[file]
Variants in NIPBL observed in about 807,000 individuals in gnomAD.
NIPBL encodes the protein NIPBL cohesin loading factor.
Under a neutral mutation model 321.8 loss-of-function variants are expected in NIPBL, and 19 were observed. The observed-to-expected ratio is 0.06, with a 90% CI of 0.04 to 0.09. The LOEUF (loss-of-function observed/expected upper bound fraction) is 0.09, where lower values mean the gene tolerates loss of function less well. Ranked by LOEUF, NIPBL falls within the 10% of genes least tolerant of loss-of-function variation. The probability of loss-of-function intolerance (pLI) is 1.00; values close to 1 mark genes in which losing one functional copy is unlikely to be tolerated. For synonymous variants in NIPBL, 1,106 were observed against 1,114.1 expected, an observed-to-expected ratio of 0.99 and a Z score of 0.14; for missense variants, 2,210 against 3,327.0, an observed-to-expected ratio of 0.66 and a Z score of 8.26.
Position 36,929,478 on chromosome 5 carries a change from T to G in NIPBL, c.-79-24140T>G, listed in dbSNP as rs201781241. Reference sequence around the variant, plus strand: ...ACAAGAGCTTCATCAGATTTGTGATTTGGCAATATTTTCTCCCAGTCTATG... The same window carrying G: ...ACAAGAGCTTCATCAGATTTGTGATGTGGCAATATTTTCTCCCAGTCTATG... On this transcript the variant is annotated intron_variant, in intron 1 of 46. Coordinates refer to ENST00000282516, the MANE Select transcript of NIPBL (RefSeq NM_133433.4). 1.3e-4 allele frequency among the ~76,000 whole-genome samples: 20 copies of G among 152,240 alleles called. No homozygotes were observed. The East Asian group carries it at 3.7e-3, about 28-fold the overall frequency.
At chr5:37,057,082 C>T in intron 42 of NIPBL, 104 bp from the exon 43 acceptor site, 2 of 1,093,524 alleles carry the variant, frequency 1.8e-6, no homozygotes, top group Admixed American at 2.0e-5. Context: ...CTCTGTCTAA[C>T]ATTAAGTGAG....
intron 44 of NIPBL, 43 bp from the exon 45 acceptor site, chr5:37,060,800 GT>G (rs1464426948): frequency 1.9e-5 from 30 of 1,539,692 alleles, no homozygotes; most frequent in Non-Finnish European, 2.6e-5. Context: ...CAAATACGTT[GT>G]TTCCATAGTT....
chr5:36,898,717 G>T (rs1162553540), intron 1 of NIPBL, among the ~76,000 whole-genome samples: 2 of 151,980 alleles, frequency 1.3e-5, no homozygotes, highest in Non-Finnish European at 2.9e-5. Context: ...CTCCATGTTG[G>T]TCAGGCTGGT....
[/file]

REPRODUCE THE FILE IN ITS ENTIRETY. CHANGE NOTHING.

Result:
Variants in NIPBL observed in about 807,000 individuals in gnomAD.
NIPBL encodes the protein NIPBL cohesin loading factor.
Under a neutral mutation model 321.8 loss-of-function variants are expected in NIPBL, and 19 were observed. The observed-to-expected ratio is 0.06, with a 90% CI of 0.04 to 0.09. The LOEUF (loss-of-function observed/expected upper bound fraction) is 0.09, where lower values mean the gene tolerates loss of function less well. Ranked by LOEUF, NIPBL falls within the 10% of genes least tolerant of loss-of-function variation. The probability of loss-of-function intolerance (pLI) is 1.00; values close to 1 mark genes in which losing one functional copy is unlikely to be tolerated. For synonymous variants in NIPBL, 1,106 were observed against 1,114.1 expected, an observed-to-expected ratio of 0.99 and a Z score of 0.14; for missense variants, 2,210 against 3,327.0, an observed-to-expected ratio of 0.66 and a Z score of 8.26.
Position 36,929,478 on chromosome 5 carries a change from T to G in NIPBL, c.-79-24140T>G, listed in dbSNP as rs201781241. Reference sequence around the variant, plus strand: ...ACAAGAGCTTCATCAGATTTGTGATTTGGCAATATTTTCTCCCAGTCTATG... The same window carrying G: ...ACAAGAGCTTCATCAGATTTGTGATGTGGCAATATTTTCTCCCAGTCTATG... On this transcript the variant is annotated intron_variant, in intron 1 of 46. Coordinates refer to ENST00000282516, the MANE Select transcript of NIPBL (RefSeq NM_133433.4). 1.3e-4 allele frequency among the ~76,000 whole-genome samples: 20 copies of G among 152,240 alleles called. No homozygotes were observed. The East Asian group carries it at 3.7e-3, about 28-fold the overall frequency.
At chr5:37,057,082 C>T in intron 42 of NIPBL, 104 bp from the exon 43 acceptor site, 2 of 1,093,524 alleles carry the variant, frequency 1.8e-6, no homozygotes, top group Admixed American at 2.0e-5. Context: ...CTCTGTCTAA[C>T]ATTAAGTGAG....
intron 44 of NIPBL, 43 bp from the exon 45 acceptor site, chr5:37,060,800 GT>G (rs1464426948): frequency 1.9e-5 from 30 of 1,539,692 alleles, no homozygotes; most frequent in Non-Finnish European, 2.6e-5. Context: ...CAAATACGTT[GT>G]TTCCATAGTT....
chr5:36,898,717 G>T (rs1162553540), intron 1 of NIPBL, among the ~76,000 whole-genome samples: 2 of 151,980 alleles, frequency 1.3e-5, no homozygotes, highest in Non-Finnish European at 2.9e-5. Context: ...CTCCATGTTG[G>T]TCAGGCTGGT....